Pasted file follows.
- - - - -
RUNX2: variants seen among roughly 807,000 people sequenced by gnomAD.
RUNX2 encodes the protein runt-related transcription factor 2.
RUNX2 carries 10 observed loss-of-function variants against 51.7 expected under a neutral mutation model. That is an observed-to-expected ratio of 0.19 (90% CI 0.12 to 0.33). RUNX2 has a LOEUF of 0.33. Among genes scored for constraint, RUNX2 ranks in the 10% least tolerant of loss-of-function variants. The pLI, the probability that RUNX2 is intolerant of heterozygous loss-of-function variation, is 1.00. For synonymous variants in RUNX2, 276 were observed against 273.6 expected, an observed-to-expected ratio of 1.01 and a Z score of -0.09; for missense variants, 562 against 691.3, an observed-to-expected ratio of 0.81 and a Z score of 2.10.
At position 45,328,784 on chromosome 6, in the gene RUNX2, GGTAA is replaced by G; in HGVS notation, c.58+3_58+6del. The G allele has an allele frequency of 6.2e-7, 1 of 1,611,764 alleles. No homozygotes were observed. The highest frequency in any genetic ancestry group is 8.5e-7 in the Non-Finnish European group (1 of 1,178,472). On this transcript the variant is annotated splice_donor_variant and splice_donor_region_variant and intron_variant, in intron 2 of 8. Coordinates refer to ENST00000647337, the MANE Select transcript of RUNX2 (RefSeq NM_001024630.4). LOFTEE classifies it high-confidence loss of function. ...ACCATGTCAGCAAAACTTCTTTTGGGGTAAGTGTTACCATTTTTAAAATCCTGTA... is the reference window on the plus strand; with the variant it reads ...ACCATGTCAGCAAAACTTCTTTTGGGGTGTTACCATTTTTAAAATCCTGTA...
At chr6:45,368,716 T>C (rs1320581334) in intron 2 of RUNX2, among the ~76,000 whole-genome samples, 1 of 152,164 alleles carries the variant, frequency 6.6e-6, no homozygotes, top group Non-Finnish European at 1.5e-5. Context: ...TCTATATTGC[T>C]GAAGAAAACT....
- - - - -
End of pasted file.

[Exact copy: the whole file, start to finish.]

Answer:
RUNX2: variants seen among roughly 807,000 people sequenced by gnomAD.
RUNX2 encodes the protein runt-related transcription factor 2.
RUNX2 carries 10 observed loss-of-function variants against 51.7 expected under a neutral mutation model. That is an observed-to-expected ratio of 0.19 (90% CI 0.12 to 0.33). RUNX2 has a LOEUF of 0.33. Among genes scored for constraint, RUNX2 ranks in the 10% least tolerant of loss-of-function variants. The pLI, the probability that RUNX2 is intolerant of heterozygous loss-of-function variation, is 1.00. For synonymous variants in RUNX2, 276 were observed against 273.6 expected, an observed-to-expected ratio of 1.01 and a Z score of -0.09; for missense variants, 562 against 691.3, an observed-to-expected ratio of 0.81 and a Z score of 2.10.
At position 45,328,784 on chromosome 6, in the gene RUNX2, GGTAA is replaced by G; in HGVS notation, c.58+3_58+6del. The G allele has an allele frequency of 6.2e-7, 1 of 1,611,764 alleles. No homozygotes were observed. The highest frequency in any genetic ancestry group is 8.5e-7 in the Non-Finnish European group (1 of 1,178,472). On this transcript the variant is annotated splice_donor_variant and splice_donor_region_variant and intron_variant, in intron 2 of 8. Coordinates refer to ENST00000647337, the MANE Select transcript of RUNX2 (RefSeq NM_001024630.4). LOFTEE classifies it high-confidence loss of function. ...ACCATGTCAGCAAAACTTCTTTTGGGGTAAGTGTTACCATTTTTAAAATCCTGTA... is the reference window on the plus strand; with the variant it reads ...ACCATGTCAGCAAAACTTCTTTTGGGGTGTTACCATTTTTAAAATCCTGTA...
At chr6:45,368,716 T>C (rs1320581334) in intron 2 of RUNX2, among the ~76,000 whole-genome samples, 1 of 152,164 alleles carries the variant, frequency 6.6e-6, no homozygotes, top group Non-Finnish European at 1.5e-5. Context: ...TCTATATTGC[T>C]GAAGAAAACT....